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The allowance of out of scope costs on budgeted claims

The allowance of out of scope costs on budgeted claims

In the decision of Mr Justice Marcus Smith in the case of Pasricha v Pasricha [2021] EWHC 1017 (Ch), it was held that out of scope costs can be allowed when a budget has been limited to court fees only.

Background

In this case the court was required to determine the appropriate costs order to make when a trial was aborted through no fault of any party, and in particular the relevance of the costs budget when making that costs order.

All parties had attended the first day of the trial when they were notified that there were no trial judges available. The mistake had occurred as a result of the failure to review the availability of a trial judge at the PTR hearing as well as some confusion regarding the payment of the listing fee. Because of that it was accepted that the trial was aborted due to the court’s administrative error rather than the fault of any party.

The adjournment of the trial caused the First Defendant to incur additional costs which the budgets naturally did not anticipate. Consequently, the First Defendant sought recovery of their brief fee for the first day of the aborted trial which was in the sum of £6,500. Judge Lochrane refused the First Defendant’s request and ordered “no order for costs”, his reasoning being that the First Defendant had failed to file a costs budget.

The First Defendant appealed the costs order. Mr Justice Marcus Smith heard the appeal and considered a two-stage approach was necessary; (1) was the reasoning of the Judge that he could not, as a matter of jurisdiction, make a costs order in favour of the Appellant (First Defendant); (2) If the Judge was mistaken in his understanding of the rules, then he must reconsider or re-visit the discretion as to costs.

Jurisdiction

The Judge on appeal decided that the first instance Judge was mistaken, and he did, in accordance with CPR 3.14, have jurisdiction to allow costs in addition to the court fee only budget. He concluded that in this instance the circumstances had changed and therefore costs in addition to the budgeted costs, or in other words costs that fell outside the scope of the budget, could be allowed.

The Judge turned to CPR 3.18 which deals with the assessing of costs on the standard basis where a costs management order has been made. Rule 3.18 provides as follows:

“In any case where a costs management order has been made when assessing costs on the standard basis, the court will:

(a) have regard to the receiving party’s last approved or agreed budgeted costs for each phase of the proceedings;

(b) not depart from such approved or agreed budgeted costs unless satisfied that there is a good reason to do so; and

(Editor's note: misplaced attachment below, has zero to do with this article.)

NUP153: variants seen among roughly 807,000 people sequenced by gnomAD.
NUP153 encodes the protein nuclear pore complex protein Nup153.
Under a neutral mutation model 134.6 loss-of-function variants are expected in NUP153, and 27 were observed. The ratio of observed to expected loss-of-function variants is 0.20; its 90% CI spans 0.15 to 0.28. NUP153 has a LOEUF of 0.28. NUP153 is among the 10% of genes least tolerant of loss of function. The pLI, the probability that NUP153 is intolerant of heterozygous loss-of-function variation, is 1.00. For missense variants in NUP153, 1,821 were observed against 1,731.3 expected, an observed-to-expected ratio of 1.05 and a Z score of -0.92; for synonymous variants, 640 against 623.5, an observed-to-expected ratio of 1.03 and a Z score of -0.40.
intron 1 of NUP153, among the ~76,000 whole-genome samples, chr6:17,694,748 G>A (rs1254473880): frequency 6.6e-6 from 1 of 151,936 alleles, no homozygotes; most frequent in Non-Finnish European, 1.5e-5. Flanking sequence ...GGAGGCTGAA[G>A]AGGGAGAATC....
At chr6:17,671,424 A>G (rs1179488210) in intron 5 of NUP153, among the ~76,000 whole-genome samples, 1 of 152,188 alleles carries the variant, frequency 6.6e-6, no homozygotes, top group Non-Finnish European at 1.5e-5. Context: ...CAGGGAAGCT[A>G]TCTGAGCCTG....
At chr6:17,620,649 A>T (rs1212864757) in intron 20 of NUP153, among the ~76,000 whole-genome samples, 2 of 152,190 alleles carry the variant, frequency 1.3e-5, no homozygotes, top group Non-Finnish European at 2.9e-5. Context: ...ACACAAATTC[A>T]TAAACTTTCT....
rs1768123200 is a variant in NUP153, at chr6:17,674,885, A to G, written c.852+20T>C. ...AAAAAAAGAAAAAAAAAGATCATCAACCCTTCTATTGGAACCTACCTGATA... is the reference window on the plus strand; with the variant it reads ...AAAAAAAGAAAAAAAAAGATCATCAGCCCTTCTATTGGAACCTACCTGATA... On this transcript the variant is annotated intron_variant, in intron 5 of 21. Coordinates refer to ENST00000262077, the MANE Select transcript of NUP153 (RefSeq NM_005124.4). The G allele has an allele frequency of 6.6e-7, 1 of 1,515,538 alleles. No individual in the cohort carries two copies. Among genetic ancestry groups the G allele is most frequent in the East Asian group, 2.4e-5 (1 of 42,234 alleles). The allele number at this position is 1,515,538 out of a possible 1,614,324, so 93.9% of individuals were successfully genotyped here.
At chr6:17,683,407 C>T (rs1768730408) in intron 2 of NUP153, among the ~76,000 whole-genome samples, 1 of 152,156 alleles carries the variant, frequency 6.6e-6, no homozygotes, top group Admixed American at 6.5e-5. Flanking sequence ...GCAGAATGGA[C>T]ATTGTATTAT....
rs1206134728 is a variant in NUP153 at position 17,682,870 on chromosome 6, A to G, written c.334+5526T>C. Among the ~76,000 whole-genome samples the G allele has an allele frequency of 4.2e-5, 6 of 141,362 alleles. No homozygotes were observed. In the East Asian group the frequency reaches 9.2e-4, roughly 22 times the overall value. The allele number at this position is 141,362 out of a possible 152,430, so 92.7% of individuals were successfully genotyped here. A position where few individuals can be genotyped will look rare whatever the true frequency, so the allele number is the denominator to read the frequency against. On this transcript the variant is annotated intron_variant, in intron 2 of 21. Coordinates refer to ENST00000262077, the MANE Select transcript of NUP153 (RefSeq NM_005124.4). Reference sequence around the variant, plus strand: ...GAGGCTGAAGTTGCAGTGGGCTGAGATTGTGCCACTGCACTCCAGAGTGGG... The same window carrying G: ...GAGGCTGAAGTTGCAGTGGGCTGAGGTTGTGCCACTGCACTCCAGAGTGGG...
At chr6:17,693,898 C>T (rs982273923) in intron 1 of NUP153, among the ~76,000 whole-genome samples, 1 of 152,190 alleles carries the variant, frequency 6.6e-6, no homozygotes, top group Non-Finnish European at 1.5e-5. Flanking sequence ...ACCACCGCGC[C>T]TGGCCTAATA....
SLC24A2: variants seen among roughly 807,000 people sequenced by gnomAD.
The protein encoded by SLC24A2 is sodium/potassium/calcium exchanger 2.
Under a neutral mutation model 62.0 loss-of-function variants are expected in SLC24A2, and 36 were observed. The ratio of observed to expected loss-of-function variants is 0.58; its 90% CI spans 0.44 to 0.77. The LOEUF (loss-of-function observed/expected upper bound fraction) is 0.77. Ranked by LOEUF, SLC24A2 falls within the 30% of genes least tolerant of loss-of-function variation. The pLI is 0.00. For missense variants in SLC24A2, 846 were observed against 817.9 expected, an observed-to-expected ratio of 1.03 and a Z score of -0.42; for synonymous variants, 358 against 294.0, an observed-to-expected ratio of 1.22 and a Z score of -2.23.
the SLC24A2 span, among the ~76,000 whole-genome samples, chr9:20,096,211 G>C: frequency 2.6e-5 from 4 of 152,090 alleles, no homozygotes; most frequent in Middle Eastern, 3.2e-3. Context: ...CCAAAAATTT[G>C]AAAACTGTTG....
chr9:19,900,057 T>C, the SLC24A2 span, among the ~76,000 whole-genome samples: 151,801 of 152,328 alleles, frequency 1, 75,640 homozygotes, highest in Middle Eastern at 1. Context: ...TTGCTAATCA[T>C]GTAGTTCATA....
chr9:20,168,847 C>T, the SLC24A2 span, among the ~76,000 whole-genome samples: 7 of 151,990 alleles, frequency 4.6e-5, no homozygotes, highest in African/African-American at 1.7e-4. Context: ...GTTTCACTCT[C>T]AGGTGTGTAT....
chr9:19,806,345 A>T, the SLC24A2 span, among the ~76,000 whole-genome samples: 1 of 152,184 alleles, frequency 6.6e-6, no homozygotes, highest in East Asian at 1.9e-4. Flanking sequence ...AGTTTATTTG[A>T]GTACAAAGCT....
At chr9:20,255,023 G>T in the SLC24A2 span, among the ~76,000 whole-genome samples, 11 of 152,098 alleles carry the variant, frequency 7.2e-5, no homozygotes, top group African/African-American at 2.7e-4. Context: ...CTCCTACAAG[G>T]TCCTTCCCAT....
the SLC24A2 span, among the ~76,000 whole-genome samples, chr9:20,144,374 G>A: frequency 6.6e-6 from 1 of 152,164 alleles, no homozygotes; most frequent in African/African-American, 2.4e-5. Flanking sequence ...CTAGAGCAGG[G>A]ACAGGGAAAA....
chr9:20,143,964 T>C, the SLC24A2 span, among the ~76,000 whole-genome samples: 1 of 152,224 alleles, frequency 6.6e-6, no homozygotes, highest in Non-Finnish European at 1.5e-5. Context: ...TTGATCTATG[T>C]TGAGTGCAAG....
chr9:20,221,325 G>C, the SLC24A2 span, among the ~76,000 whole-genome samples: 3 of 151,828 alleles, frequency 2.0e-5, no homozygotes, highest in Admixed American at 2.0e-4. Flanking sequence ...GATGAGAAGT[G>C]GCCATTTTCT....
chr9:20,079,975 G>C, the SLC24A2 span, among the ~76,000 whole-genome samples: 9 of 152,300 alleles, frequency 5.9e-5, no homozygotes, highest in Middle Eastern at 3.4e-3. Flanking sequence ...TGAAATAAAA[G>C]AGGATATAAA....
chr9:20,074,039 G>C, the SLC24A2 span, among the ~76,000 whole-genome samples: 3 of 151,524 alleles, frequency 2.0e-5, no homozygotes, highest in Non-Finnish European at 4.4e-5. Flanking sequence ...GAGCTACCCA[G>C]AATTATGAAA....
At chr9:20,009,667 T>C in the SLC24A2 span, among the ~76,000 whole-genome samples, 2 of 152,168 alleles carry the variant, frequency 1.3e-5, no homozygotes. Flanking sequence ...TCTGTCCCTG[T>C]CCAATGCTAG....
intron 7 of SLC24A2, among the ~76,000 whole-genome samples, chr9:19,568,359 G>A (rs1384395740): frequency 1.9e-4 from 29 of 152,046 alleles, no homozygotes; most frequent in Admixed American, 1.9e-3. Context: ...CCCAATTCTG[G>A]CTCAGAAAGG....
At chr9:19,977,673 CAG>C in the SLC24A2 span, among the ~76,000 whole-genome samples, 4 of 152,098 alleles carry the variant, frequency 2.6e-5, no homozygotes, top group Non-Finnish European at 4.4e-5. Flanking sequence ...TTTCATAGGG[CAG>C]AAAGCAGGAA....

(c) take into account any comments made pursuant to rule 3.15(4) or para.7.4 (Practice Direction 3E) and recorded on the face of the order.”

He considered that this rule applies at any stage where a costs order is sought on a standard basis and therefore can apply when a Judge is being invited to make an order for costs whether that is detailed or summary assessment. Consequently, he concluded that when a Judge is invited to make a summary costs order on a standard basis, the court must have regard to the costs budgeting question and should not depart from it unless satisfied that there is good reason to do so.

It was therefore open to Judge Lochrane to depart from the budget and Mr Justice Marcus Smith concluded that Judge Lochrane had been incorrect in determining that he could not make any such order.

Discretion as to costs

The cause of the additional, out of scope costs was considered. This was not the usual scenario where the loser pays the winner’s costs, the additional costs had been necessary as a result of the court’s administrative error and therefore under those circumstances it was unjust to cause any party to pay the other party’s costs in this case. The court concluded that the proper order to make was that each party bear their own costs and that there be no order for costs.

Conclusion

Mr Justice Marcus Smith came to the same conclusion as the first instance Judge that “no order for costs” was the right order but for different reasons. He found that the costs order was the correct order because there was no fault of any party and therefore it was unjust to expect one party to pay another party’s costs in those circumstances.

In terms of the costs of the appeal, the court ordered that there be no order for costs because again neither party was at fault for the losses sustained as a result of the adjourned trial.

Sue Fox is the Head of Costs Management at A & M Bacon. You can contact her on 01733 359036, or by email to Sue.Fox@aandmbacon.co.uk

Published 29.04.21

 

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